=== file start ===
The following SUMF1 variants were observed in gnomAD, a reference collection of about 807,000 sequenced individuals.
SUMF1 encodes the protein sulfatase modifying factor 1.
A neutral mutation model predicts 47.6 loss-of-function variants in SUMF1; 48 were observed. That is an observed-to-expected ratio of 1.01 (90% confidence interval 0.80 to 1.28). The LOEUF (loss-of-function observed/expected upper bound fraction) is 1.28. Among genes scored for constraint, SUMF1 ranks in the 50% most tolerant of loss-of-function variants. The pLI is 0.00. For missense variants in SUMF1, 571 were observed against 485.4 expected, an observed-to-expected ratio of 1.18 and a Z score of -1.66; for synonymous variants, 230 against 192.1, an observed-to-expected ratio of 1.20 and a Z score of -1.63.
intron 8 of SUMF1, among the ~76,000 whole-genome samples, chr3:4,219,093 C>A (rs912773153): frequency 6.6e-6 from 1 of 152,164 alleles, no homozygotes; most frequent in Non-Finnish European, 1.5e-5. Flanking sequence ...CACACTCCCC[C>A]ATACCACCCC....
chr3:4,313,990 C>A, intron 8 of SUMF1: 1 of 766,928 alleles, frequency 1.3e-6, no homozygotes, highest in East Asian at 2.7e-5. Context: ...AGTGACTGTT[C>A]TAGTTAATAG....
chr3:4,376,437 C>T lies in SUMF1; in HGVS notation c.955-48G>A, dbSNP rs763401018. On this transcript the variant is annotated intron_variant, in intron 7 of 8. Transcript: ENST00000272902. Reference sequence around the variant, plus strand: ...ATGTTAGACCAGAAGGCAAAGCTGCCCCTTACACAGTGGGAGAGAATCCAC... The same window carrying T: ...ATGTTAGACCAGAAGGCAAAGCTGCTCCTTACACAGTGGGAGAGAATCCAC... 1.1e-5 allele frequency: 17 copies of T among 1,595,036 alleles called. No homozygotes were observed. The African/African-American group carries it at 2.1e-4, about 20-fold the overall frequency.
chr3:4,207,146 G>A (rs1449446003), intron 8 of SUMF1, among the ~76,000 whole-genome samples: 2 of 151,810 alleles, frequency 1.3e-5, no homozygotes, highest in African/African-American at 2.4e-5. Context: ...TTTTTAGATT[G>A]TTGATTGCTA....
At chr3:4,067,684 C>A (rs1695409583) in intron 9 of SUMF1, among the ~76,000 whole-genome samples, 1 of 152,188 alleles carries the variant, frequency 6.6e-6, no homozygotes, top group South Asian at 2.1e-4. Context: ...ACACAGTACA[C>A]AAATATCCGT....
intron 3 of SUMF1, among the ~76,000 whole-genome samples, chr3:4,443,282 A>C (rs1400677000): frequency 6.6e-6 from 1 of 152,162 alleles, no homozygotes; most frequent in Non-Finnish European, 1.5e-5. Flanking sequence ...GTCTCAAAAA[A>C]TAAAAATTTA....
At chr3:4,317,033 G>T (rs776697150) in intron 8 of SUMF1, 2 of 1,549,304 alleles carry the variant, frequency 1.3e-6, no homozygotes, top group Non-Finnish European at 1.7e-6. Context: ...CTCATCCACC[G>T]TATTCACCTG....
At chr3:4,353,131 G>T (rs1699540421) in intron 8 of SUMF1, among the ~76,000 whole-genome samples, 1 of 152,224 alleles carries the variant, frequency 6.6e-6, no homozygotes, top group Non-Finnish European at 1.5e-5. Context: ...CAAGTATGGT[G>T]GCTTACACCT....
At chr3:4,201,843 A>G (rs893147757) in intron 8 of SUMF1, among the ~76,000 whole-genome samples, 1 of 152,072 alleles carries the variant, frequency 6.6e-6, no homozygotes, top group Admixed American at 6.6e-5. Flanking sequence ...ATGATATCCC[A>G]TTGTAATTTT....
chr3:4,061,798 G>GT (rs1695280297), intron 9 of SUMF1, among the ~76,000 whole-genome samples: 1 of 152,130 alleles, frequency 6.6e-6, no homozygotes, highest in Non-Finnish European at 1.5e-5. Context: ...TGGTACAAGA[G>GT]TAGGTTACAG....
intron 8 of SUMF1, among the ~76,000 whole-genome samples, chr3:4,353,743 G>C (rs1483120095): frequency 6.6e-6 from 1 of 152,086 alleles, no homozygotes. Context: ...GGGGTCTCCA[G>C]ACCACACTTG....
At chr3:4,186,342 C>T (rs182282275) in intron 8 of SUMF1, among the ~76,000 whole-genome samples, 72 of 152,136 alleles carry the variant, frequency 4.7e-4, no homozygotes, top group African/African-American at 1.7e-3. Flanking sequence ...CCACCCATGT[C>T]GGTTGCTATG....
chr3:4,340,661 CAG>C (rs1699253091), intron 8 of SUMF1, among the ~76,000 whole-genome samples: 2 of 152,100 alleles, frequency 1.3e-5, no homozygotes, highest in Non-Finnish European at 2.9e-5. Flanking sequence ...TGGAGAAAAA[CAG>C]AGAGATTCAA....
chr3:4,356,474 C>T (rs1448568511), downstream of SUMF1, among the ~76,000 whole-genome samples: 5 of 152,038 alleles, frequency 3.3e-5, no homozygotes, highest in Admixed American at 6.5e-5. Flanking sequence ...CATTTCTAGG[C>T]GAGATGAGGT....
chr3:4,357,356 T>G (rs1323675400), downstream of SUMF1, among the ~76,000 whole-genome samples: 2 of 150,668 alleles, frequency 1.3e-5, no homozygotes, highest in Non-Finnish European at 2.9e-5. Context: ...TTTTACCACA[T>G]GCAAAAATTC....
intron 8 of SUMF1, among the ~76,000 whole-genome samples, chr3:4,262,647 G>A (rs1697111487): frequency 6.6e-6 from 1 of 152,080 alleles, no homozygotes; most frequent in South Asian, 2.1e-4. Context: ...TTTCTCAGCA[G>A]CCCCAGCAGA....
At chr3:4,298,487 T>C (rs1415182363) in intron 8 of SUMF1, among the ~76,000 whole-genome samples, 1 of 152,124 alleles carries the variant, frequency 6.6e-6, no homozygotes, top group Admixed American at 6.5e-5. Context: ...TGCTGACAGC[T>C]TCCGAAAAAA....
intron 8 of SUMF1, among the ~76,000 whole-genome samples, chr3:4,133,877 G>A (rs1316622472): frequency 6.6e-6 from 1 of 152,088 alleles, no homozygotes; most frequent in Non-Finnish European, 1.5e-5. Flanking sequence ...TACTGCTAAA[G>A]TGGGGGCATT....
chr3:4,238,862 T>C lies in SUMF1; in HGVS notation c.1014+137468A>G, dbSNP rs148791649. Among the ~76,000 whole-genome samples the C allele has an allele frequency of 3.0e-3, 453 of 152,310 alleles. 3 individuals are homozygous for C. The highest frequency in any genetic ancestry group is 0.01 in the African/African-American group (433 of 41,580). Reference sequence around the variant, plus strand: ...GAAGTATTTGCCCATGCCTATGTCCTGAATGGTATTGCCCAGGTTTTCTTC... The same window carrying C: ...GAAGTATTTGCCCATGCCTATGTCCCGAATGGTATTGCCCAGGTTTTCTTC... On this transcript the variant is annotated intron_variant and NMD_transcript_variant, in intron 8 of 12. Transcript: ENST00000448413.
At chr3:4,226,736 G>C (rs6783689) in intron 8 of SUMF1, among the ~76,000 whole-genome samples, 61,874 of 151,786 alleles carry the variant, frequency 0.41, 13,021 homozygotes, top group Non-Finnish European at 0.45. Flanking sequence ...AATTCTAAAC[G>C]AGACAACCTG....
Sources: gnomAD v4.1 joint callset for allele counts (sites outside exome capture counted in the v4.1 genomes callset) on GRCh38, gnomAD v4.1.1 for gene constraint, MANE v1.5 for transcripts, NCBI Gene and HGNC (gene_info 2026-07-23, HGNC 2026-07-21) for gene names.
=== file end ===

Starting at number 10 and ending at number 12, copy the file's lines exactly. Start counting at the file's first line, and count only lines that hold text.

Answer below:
At chr3:4,317,033 G>T (rs776697150) in intron 8 of SUMF1, 2 of 1,549,304 alleles carry the variant, frequency 1.3e-6, no homozygotes, top group Non-Finnish European at 1.7e-6. Context: ...CTCATCCACC[G>T]TATTCACCTG....
At chr3:4,353,131 G>T (rs1699540421) in intron 8 of SUMF1, among the ~76,000 whole-genome samples, 1 of 152,224 alleles carries the variant, frequency 6.6e-6, no homozygotes, top group Non-Finnish European at 1.5e-5. Context: ...CAAGTATGGT[G>T]GCTTACACCT....
At chr3:4,201,843 A>G (rs893147757) in intron 8 of SUMF1, among the ~76,000 whole-genome samples, 1 of 152,072 alleles carries the variant, frequency 6.6e-6, no homozygotes, top group Admixed American at 6.6e-5. Flanking sequence ...ATGATATCCC[A>G]TTGTAATTTT....